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Ann McHugh looks out a window and turns musings into poetry.

"Thoughts come quickly and I jot them down," said Ms. McHugh. "Then, I wait for a quiet time to fit the words together."

A sail across the bay, a childhood memory or the view from the sun room have all inspired rhyme schemes from the Sykesville resident, who recently won a 1995 Poet of Merit Award from the International Society of Poets.

The society gives the award to all its Poet of the Year nominees, who attend the annual convention in Washington. About 250 members from 70 countries qualify, said Kathy Hudson, editor at Watermark Press, the society's parent company.

About a million submissions for anthologies arrive annually at the society's offices in Owings Mills. From those, the editors publish about 15,000 in one of the five anthologies compiled yearly.

"The society is the largest poetic organization in the world," said Ms. Hudson. "Work is chosen for publication on its poetic merit. Each poem is read by our editors and selected for quality."

The society also donates the anthologies, which sell for $49.95, to several literacy-promoting organizations such as Baltimore Reads.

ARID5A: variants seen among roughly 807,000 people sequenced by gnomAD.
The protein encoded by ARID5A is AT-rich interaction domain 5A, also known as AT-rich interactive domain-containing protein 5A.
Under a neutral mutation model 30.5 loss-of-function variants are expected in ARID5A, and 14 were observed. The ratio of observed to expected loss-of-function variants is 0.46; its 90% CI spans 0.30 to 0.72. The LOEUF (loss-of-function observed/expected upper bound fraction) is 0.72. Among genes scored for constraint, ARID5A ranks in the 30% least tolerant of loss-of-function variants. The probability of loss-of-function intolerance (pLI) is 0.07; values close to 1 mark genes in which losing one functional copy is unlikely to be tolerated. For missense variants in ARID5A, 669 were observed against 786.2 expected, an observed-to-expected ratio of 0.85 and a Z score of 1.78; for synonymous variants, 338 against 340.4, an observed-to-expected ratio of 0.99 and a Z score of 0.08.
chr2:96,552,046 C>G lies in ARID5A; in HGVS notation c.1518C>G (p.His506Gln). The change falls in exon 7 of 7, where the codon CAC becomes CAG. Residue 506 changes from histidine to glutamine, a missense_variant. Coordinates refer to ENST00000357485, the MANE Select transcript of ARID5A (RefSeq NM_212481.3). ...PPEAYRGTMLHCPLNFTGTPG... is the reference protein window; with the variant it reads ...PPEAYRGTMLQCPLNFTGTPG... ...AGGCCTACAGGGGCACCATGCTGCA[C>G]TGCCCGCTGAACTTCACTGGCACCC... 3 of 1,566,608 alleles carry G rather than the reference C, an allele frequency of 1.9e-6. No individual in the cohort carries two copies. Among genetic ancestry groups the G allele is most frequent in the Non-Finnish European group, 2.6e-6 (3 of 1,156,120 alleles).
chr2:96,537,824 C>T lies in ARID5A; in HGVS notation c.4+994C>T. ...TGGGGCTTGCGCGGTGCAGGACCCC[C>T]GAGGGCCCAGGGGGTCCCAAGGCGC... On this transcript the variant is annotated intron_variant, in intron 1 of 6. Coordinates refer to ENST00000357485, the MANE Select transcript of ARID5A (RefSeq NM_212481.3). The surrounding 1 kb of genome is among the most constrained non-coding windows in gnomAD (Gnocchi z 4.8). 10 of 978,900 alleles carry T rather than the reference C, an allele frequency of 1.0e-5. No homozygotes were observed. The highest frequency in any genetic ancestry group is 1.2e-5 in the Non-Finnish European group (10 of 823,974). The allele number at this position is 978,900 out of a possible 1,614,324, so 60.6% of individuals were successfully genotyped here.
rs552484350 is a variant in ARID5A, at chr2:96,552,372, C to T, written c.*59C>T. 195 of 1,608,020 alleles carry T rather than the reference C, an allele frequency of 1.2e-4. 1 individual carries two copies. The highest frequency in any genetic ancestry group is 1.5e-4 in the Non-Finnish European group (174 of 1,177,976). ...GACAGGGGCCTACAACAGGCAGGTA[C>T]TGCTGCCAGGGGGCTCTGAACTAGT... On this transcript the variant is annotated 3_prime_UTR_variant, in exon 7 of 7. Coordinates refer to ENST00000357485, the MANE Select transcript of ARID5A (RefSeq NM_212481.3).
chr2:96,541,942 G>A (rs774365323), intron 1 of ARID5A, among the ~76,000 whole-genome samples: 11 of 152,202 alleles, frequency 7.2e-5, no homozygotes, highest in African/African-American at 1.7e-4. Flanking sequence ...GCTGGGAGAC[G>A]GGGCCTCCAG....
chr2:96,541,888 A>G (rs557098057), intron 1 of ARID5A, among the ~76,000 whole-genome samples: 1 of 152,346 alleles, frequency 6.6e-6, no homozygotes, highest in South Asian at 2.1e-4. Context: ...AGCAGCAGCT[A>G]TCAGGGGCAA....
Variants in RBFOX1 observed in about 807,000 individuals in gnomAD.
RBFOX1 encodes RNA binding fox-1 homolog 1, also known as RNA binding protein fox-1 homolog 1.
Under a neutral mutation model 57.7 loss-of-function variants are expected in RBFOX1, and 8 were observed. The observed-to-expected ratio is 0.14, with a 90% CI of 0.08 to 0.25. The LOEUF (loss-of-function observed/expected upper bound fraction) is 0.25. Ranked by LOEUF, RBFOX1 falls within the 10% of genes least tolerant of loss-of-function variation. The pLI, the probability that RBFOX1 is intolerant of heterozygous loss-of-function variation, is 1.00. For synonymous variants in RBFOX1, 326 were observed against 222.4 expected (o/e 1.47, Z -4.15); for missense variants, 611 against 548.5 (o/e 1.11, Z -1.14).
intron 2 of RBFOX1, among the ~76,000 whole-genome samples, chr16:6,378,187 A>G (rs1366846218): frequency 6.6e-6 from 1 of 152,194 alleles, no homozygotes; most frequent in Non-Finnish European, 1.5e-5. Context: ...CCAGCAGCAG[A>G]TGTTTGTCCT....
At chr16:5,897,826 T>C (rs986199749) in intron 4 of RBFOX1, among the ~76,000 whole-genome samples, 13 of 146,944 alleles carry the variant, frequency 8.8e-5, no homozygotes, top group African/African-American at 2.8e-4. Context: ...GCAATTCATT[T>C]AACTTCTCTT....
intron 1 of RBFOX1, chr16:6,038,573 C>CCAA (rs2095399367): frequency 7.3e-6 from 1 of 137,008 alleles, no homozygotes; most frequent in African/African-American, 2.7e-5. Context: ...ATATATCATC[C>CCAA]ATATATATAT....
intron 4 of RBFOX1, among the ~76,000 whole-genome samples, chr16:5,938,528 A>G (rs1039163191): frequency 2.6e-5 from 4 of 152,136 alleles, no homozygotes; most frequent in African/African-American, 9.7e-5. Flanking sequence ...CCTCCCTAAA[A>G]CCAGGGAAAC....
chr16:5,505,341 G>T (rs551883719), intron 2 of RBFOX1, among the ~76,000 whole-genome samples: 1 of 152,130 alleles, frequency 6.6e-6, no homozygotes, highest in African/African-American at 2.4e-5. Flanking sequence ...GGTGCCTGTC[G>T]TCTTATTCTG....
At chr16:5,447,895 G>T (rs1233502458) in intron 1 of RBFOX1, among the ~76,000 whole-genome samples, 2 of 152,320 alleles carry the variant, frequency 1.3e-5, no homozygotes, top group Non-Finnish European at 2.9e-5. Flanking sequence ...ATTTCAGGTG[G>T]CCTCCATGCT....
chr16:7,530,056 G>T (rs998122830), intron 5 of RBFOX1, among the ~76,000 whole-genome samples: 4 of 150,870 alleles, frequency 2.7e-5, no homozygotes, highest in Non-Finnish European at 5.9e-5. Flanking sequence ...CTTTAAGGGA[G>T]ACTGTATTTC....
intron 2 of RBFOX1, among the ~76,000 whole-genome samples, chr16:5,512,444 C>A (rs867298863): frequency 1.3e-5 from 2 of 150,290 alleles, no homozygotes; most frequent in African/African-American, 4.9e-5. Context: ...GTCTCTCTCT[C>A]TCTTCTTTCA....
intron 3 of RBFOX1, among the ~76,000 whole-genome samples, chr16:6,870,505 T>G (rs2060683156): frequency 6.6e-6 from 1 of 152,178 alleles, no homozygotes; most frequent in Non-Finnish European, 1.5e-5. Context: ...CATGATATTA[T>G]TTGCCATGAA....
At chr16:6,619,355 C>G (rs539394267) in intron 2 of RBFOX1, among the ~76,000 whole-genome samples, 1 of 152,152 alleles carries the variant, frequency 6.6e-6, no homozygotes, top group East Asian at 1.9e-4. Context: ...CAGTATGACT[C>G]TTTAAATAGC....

"We encourage people to write as much as possible," said Ms. Hudson. "Publication gives them a little added push."

In the past year, Ms. McHugh has had three poems published in different anthologies. The most recent, "Feathers and Friends," is included in the recently published "Best Poems of 1995."

The awards are flattering and "let me feel like I am right in the ballpark with my poetry," she said.

Professionally, she uses Ann McHugh, her maiden name.

"I have always been proud of my name, something that is all mine," she said. "I love to boast of my Irishness. There is a tradition of poetry there."

For 42 years, she has been Marion M. Stockman, wife of George Stockman and mother of two sons. Ann is her first name, but she hasn't used it since her marriage. Now retired from the state police, where she was a records supervisor, she can devote hours to her poetry.

She can remember "scratching down rhymes" as a child, she said.

"My siblings were all musically inclined, but I couldn't pick that up," she said. "I made my own rhythm by composing verse. I

think I have always had a poetic soul."

Ms. McHugh chooses a subject, a rhyme scheme and sets to tTC work on a "little old manual typewriter" that sits among flowering plants and her awards on a sunny enclosed porch.

"I can look out and see nature all around me," she said. "I write what I feel, whatever is happening at the moment."

She has had no formal writing training, but knows "about meter and how many syllables I want for each line."

She plans to continue writing and "would love to publish a poetry book of my own."

She also would like to show her work to the former high school English teacher who twice failed her.

"She never let me show what I was capable of writing," Ms.

McHugh said.

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